Recommended Review: Parenting Against the Tide
Book review blogger Michael Boling shares his thoughts on Parenting Against the Tide: A Handbook for 21st Century Parenting by Ann Benton. Michael’s review follows in its entirety below:
As a relatively new parent of an adopted 13 year old, I definitely will raise both hands if asked whether parenting is a rough and tumble task. The responsibility of raising a child in the fear and admonition of the Lord in a society that at every turn seeks to undermine godly parenting principles makes the task all that more difficult. We live in an age where words like discipline are viewed with disdain in favor of a relative free for all approach with child rearing. Whatever makes them happy regardless of future consequences not just for them as productive adults but for society at large let alone the families they will someday lead is quite frankly a passing fancy in the minds of most. Ann Benton, author of numerous books on parenting and the family, has provided an excellent tool with her latest book Parenting Against the Tide: A Handbook for 21st Century Parenting.
The focus of Benton’s book is to address the commonly promulgated and utilized parenting myths in vogue today such as an over-emphasis on self-esteem, the confusion of gender roles, the rejection of biblical discipline, relativism, lack of communication skills within the family, poor spending habits, and the setting of life goals, just to name a few subjects she addresses. She aptly notes the reason she wrote this book was to help Christian parents recognize that the “majority of modern parenting advice, however nice and cozy it sounds, is rooted in a worldview that is quite foreign to the Bible and this very much affects the kind of advice that is given.” Given that the Bible is quite clear on matters related to parenting, it is refreshing to read a book such as Benton’s that wades through the clatter and focuses on sound biblical truths on child rearing and matters related to the family.
For example, one of my favorite parts of this book was Benton’s discussion of the postmodern penchant for relativism which flies in the face of the absolute truth claims made in Scripture. Many in society like to make the claim that Christian parents are indoctrinating their children. A perfect example of this position is in relation to the creation/evolution debate. Evolution proponents such as Bill Nye and Richard Dawkins have often averred that teaching children creation is akin to indoctrination and child abuse. Benton does a marvelous job of demonstrating the vast difference between indoctrination and teaching noting “when it comes to passing on the baton of truth to our children…we know at once that we are not in the business of forcing a mantra on our children or of making assumptions about them. We will teach them; we will engage their developing minds.” She then outlines what that looks like in real everyday practice with the powerfully practical passage of Deuteronomy 6 as a backdrop for that discussion; a passage that is pregnant with sound biblical guidance on what teaching children from a biblical framework is all about.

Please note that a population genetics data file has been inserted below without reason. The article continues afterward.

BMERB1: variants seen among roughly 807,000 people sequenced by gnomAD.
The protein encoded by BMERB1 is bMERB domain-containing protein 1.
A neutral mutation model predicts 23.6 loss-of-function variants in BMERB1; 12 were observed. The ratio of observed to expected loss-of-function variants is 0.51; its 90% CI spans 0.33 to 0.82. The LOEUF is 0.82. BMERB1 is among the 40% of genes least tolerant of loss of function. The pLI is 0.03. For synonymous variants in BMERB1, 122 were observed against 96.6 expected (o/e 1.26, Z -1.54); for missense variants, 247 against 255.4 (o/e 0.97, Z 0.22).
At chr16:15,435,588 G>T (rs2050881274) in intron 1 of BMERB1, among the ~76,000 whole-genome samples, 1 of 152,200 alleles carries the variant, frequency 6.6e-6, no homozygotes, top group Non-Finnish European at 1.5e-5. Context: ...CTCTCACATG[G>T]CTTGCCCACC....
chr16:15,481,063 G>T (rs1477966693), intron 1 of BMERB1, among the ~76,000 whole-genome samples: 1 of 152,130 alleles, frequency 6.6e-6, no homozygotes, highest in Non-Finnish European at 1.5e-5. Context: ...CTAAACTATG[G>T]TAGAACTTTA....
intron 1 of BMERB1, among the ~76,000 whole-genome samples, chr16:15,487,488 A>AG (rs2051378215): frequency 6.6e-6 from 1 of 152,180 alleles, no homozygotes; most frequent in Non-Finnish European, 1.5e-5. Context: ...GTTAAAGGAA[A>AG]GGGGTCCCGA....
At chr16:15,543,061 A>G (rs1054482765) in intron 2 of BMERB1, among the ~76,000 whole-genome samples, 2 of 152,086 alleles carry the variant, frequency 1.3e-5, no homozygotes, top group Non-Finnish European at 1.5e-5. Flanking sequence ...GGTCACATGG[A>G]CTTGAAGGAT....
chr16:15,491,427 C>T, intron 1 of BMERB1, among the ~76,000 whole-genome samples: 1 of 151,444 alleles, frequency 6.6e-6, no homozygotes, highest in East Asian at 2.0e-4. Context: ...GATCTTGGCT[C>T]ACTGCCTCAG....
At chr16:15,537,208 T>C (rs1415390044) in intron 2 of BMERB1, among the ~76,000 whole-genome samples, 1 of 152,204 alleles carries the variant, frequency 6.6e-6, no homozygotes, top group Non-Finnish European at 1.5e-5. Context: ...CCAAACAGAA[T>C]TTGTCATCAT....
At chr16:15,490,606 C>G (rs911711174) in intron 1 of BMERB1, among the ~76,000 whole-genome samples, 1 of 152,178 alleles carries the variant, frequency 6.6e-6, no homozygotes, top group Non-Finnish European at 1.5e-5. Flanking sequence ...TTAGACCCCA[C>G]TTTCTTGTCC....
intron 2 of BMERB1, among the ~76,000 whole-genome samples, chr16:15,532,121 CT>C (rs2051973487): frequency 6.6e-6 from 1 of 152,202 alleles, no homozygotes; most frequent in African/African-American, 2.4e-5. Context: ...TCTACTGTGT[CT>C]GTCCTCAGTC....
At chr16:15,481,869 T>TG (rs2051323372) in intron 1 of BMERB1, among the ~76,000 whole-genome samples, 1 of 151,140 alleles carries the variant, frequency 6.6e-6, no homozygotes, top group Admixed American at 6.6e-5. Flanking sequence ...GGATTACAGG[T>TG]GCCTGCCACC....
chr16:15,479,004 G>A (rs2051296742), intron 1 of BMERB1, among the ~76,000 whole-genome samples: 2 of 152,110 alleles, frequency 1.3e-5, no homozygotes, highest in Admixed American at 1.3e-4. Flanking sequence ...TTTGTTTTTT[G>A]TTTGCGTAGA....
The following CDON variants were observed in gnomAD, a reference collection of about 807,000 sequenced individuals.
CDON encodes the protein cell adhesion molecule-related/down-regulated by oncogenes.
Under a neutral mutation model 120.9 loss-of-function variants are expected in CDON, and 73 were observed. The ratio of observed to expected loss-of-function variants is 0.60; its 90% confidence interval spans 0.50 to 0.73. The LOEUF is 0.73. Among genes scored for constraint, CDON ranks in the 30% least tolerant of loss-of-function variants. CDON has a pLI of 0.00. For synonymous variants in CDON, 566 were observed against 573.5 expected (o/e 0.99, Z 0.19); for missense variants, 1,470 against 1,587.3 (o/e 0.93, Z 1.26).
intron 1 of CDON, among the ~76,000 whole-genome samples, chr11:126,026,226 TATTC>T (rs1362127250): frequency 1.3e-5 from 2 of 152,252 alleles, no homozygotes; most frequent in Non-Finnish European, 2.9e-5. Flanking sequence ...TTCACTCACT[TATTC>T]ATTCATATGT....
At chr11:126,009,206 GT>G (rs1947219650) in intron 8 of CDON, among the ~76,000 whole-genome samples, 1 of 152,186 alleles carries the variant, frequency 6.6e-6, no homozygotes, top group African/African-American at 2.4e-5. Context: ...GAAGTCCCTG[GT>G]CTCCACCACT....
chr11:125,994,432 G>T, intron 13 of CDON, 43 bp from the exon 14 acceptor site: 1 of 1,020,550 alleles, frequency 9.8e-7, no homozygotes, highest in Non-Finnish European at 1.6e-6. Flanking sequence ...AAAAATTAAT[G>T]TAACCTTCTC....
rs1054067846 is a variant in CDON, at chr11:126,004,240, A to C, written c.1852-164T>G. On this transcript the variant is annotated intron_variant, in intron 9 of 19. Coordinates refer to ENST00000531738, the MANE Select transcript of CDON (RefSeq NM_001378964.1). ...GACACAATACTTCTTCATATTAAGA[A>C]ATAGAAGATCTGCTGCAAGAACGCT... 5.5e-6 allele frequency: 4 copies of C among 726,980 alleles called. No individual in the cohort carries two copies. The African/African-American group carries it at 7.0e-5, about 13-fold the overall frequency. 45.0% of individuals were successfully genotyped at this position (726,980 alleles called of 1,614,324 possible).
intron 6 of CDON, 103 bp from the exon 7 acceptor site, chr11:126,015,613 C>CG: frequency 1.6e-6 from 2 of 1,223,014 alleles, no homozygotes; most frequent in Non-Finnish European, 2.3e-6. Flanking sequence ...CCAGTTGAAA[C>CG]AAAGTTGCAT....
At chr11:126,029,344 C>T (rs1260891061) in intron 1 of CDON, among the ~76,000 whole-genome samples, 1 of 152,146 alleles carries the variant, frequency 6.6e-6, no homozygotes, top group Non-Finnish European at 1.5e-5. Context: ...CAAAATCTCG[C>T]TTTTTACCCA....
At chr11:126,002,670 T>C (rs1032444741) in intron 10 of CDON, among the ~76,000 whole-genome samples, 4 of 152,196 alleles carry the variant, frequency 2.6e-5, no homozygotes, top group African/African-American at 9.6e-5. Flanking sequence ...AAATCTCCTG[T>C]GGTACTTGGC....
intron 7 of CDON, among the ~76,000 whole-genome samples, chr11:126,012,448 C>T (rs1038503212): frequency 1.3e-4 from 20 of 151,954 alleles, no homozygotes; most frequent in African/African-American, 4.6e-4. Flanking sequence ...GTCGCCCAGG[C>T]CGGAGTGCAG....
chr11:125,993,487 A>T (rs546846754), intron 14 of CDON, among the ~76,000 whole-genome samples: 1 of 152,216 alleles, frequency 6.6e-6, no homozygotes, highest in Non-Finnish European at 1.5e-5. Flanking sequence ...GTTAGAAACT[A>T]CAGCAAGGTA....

Another excellent aspect of this book is Benton’s discussion of right and wrong. She correctly states that “unless a parent is willing to meet the right and wrong question head on, and be clear and convinced about the answer he/she will find raising children very hard work indeed.” Children love to ask the question why when told by their parents to do or not do something. A wishy-washy response if one is even given to such a question results in a child not understanding matters of right or wrong or where the foundation for right and wrong behavior is derived. Responding to the common parenting myths of naturalism, happiness, and consensus, Benton provides the biblical structure for properly defining issues of morality to include God as the ultimate law-giver, understanding humanity being made in God’s image, noting the impact of the fall, properly grasping the job description of the parent, and noting the proper balance between law and grace. These points will help the parent have a defined and consistent biblical worldview which Benton saliently declares “will enable you to maintain a moral framework in disciple” as well as avoiding the “need to resort to bribery which is a mere arbitrary and quite cynical manipulation of variables to get the desired end-product.”
Finally, I truly appreciated the practical application section at the conclusion of each chapter. It is one thing to provide a barrage of helpful principles and quite another to help the reader apply those biblical principles where the rubber meets the proverbial road which is in this case the daily grind of parenting. Benton does the latter by giving the reader some valuable questions for further thought and consideration based on the concepts and discussion found in that particular chapter. These are questions parents can sit down and discuss amongst themselves that will certainly provide an opportunity for an honest and hopefully frank analysis of how they have been approaching parenting their child or children.
I highly recommend this book for all parents. Benton’s honest and engaging writing style notes the failures of modern societies parenting methodology while presenting a clear and biblically sound response that will serve parents well that take the time and effort to read and apply the truths and concepts found in this timely and excellent book. I know my wife and I will be utilizing what we have read in the parenting of our teenage daughter.
You can see this review in its original context at intelmin.org.